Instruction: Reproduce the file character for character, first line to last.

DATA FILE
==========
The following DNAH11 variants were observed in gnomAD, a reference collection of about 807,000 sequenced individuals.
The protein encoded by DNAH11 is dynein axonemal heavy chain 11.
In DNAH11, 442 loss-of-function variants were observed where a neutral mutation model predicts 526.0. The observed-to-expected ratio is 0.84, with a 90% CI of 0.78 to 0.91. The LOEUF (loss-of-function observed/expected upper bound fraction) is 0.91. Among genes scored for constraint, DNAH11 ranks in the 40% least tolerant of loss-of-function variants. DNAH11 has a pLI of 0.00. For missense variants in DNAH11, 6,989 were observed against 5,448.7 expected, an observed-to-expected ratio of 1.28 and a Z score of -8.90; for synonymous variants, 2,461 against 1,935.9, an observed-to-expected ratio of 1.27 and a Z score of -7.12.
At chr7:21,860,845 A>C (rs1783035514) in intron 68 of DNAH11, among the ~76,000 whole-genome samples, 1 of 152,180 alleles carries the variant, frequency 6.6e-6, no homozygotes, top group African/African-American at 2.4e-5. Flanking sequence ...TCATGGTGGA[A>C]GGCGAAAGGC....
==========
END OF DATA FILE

The following DNAH11 variants were observed in gnomAD, a reference collection of about 807,000 sequenced individuals.
The protein encoded by DNAH11 is dynein axonemal heavy chain 11.
In DNAH11, 442 loss-of-function variants were observed where a neutral mutation model predicts 526.0. The observed-to-expected ratio is 0.84, with a 90% CI of 0.78 to 0.91. The LOEUF (loss-of-function observed/expected upper bound fraction) is 0.91. Among genes scored for constraint, DNAH11 ranks in the 40% least tolerant of loss-of-function variants. DNAH11 has a pLI of 0.00. For missense variants in DNAH11, 6,989 were observed against 5,448.7 expected, an observed-to-expected ratio of 1.28 and a Z score of -8.90; for synonymous variants, 2,461 against 1,935.9, an observed-to-expected ratio of 1.27 and a Z score of -7.12.
At chr7:21,860,845 A>C (rs1783035514) in intron 68 of DNAH11, among the ~76,000 whole-genome samples, 1 of 152,180 alleles carries the variant, frequency 6.6e-6, no homozygotes, top group African/African-American at 2.4e-5. Flanking sequence ...TCATGGTGGA[A>C]GGCGAAAGGC....